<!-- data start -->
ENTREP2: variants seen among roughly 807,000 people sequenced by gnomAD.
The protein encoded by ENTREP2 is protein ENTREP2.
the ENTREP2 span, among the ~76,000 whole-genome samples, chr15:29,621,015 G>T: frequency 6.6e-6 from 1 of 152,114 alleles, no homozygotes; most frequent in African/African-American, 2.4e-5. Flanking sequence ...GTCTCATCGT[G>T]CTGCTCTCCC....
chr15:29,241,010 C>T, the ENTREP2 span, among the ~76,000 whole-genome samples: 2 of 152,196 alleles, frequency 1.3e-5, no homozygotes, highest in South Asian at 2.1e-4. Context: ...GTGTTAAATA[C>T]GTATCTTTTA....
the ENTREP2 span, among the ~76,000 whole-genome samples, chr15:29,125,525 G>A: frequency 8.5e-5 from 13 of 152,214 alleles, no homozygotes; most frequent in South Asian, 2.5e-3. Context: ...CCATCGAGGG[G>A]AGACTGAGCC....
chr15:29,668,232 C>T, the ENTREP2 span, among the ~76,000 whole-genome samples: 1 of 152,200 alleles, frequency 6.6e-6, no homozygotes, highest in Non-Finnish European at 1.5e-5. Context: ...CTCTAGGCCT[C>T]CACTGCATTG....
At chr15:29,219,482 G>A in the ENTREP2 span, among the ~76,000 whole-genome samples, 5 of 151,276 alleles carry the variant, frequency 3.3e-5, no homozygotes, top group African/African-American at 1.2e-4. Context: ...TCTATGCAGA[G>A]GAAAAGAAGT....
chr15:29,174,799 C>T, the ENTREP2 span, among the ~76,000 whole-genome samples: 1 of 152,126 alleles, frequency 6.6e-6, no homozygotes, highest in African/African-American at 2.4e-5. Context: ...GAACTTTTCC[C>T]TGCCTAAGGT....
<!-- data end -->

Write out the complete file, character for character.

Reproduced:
ENTREP2: variants seen among roughly 807,000 people sequenced by gnomAD.
The protein encoded by ENTREP2 is protein ENTREP2.
the ENTREP2 span, among the ~76,000 whole-genome samples, chr15:29,621,015 G>T: frequency 6.6e-6 from 1 of 152,114 alleles, no homozygotes; most frequent in African/African-American, 2.4e-5. Flanking sequence ...GTCTCATCGT[G>T]CTGCTCTCCC....
chr15:29,241,010 C>T, the ENTREP2 span, among the ~76,000 whole-genome samples: 2 of 152,196 alleles, frequency 1.3e-5, no homozygotes, highest in South Asian at 2.1e-4. Context: ...GTGTTAAATA[C>T]GTATCTTTTA....
the ENTREP2 span, among the ~76,000 whole-genome samples, chr15:29,125,525 G>A: frequency 8.5e-5 from 13 of 152,214 alleles, no homozygotes; most frequent in South Asian, 2.5e-3. Context: ...CCATCGAGGG[G>A]AGACTGAGCC....
chr15:29,668,232 C>T, the ENTREP2 span, among the ~76,000 whole-genome samples: 1 of 152,200 alleles, frequency 6.6e-6, no homozygotes, highest in Non-Finnish European at 1.5e-5. Context: ...CTCTAGGCCT[C>T]CACTGCATTG....
At chr15:29,219,482 G>A in the ENTREP2 span, among the ~76,000 whole-genome samples, 5 of 151,276 alleles carry the variant, frequency 3.3e-5, no homozygotes, top group African/African-American at 1.2e-4. Context: ...TCTATGCAGA[G>A]GAAAAGAAGT....
chr15:29,174,799 C>T, the ENTREP2 span, among the ~76,000 whole-genome samples: 1 of 152,126 alleles, frequency 6.6e-6, no homozygotes, highest in African/African-American at 2.4e-5. Context: ...GAACTTTTCC[C>T]TGCCTAAGGT....